Guided Tour

Today I thought I’d take you on a tour of our new Dairy Complex,

as a few people have asked me to post some photos of it.  So here we go…. 

***Please note this post is currently short of photos – we’re having difficulty uploading them to the site.  Bear with us!****

Concreting in the Dairy Complex foundations.

Concreting in the Dairy Complex foundations.

To give an idea of the timescale it’s taken to get to this stage, we originally inquired about ordering the building whilst visiting a very damp Royal Welsh Show in July 2007.   The full order was placed a month or so later; although because there was a waiting list we were advised that the building couldn’t be erected until November at the earliest.  No matter; we’d still be well within the timescale to launch the business on 1st March 2008.

Owing to the appalling summer drifting into an equally miserable autumn, all timescales were slipped – including ours; as the inclement conditions meant that a lot of work had to be put on hold & our own site was far too boggy for work to commence.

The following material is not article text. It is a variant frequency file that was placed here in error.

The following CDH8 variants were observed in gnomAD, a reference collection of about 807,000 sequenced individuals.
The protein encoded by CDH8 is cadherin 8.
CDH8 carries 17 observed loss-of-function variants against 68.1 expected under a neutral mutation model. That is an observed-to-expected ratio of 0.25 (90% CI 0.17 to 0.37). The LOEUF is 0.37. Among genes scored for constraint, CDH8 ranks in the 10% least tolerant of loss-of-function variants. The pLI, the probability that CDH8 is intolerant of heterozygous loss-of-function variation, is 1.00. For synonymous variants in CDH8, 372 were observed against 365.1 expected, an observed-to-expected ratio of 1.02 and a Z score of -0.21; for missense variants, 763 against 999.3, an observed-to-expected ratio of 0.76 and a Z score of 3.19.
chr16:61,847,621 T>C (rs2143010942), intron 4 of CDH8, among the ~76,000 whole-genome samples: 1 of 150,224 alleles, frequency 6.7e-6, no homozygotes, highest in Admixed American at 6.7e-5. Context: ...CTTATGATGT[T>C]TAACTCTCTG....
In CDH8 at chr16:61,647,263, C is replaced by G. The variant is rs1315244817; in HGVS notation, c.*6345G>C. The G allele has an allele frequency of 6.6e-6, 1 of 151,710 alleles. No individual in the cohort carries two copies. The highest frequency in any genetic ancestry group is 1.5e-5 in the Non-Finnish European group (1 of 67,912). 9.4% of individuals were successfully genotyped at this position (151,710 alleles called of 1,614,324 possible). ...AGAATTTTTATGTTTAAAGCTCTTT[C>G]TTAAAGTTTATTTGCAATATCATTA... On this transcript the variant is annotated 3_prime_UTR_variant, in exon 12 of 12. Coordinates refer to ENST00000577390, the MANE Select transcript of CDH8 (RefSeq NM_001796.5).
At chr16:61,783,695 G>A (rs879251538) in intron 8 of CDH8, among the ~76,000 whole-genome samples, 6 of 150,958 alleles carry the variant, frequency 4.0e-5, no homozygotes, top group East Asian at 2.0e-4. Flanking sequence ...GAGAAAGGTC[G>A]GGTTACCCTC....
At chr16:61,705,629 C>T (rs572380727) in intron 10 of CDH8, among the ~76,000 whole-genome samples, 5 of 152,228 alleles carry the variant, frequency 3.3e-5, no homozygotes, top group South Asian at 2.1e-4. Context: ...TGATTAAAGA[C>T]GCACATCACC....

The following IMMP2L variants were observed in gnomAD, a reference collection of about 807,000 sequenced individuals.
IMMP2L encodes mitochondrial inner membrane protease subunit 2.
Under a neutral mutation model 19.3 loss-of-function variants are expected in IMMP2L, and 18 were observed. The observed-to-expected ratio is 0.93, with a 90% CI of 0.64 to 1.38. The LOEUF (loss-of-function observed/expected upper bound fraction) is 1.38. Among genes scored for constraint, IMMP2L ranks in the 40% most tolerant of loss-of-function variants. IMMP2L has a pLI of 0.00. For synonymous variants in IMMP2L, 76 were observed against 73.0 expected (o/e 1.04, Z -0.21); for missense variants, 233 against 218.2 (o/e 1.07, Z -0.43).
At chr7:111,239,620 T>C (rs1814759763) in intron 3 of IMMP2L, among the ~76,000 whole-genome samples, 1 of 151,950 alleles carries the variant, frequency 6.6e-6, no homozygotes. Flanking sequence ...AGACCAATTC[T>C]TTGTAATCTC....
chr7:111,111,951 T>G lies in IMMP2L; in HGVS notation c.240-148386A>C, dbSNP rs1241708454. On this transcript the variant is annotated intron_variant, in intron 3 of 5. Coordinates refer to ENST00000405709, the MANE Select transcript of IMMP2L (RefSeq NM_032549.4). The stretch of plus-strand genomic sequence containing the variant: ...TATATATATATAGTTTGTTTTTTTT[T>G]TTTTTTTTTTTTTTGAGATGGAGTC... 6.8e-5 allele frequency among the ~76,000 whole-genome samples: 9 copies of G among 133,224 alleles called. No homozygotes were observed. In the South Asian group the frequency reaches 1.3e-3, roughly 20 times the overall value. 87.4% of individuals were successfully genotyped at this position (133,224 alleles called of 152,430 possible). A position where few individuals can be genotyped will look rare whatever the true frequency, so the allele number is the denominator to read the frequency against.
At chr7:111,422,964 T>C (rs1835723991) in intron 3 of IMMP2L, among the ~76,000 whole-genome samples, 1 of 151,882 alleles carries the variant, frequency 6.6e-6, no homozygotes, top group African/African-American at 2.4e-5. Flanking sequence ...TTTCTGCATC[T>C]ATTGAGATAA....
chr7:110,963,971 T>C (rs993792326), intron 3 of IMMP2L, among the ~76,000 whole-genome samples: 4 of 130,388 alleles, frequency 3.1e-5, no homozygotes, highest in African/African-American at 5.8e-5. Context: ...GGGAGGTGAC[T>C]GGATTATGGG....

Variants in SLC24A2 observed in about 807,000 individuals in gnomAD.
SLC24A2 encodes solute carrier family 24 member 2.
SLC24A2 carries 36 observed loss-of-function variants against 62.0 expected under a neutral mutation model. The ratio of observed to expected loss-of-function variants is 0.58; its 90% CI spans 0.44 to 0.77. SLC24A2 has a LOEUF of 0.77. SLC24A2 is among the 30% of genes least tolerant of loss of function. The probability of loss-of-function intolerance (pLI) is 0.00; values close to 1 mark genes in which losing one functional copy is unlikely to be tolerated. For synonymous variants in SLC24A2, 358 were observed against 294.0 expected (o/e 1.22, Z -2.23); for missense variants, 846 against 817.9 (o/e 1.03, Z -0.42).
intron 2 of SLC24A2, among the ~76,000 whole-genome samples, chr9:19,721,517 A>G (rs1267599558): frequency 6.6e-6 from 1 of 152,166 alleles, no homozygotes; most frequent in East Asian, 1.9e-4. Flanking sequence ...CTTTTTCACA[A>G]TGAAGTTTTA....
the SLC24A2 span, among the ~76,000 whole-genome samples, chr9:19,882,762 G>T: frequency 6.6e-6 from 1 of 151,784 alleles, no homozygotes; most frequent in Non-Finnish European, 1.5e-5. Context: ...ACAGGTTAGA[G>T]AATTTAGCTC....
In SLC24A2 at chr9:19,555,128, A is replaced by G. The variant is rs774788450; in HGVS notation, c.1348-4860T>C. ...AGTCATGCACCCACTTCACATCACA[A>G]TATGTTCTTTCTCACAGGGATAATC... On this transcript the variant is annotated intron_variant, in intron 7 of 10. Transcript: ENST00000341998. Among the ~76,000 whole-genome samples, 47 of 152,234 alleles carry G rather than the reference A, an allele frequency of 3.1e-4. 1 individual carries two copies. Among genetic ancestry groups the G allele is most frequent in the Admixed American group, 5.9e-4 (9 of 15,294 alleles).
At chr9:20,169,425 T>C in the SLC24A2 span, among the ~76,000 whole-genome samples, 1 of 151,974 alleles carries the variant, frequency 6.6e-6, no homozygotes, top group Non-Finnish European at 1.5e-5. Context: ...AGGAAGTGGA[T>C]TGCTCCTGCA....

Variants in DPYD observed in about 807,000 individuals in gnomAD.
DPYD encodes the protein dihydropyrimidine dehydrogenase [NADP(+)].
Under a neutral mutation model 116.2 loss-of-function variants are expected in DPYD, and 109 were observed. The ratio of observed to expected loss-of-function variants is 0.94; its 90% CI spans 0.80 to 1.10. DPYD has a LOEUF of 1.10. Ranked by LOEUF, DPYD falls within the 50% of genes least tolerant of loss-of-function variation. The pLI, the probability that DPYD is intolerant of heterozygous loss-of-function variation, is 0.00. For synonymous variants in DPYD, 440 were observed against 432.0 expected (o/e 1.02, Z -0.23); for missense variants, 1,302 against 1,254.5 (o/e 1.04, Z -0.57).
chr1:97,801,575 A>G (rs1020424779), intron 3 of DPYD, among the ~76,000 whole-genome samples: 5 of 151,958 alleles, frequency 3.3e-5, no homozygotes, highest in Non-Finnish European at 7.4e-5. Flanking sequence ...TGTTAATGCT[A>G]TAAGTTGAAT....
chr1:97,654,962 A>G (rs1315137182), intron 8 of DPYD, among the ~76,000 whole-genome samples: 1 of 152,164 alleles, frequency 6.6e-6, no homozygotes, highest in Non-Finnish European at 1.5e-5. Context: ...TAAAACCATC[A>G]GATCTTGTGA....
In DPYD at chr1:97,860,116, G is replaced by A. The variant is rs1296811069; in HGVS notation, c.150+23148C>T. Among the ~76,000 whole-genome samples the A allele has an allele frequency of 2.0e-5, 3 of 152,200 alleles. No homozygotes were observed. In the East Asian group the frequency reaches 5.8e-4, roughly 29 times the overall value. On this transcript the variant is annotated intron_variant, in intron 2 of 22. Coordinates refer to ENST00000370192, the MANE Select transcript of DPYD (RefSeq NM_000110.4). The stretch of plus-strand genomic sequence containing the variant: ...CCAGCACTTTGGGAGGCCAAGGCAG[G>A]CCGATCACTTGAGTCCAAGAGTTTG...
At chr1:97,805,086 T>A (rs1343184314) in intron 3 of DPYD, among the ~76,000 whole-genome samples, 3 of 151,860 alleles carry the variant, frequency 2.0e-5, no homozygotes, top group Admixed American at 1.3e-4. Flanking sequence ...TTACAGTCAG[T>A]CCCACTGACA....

Raising the Roof!

Raising the Roof!

 But on my birthday – 16th December – the groundworks equipment finally arrived.  Hooray!  Then of course, it was Christmas & New Year, so the machinery just sat there….

 

 

 

 

 

….However after an initial lull at the beginning of January things picked up; & the groundworks began in earnest.  For me it was a sorrowful day when the old stone wall which bordered the lower part of the driveway, along with the horseshoe-shaped tank which used to hold the water for the mill race, were demolished; as an archaeologist I felt these things should have been preserved if at all possible.  However I now see that it would not have been feasible to erect the building if they’d remained in situ; & there simply was nowhere else that a building of this size & scale could have been erected.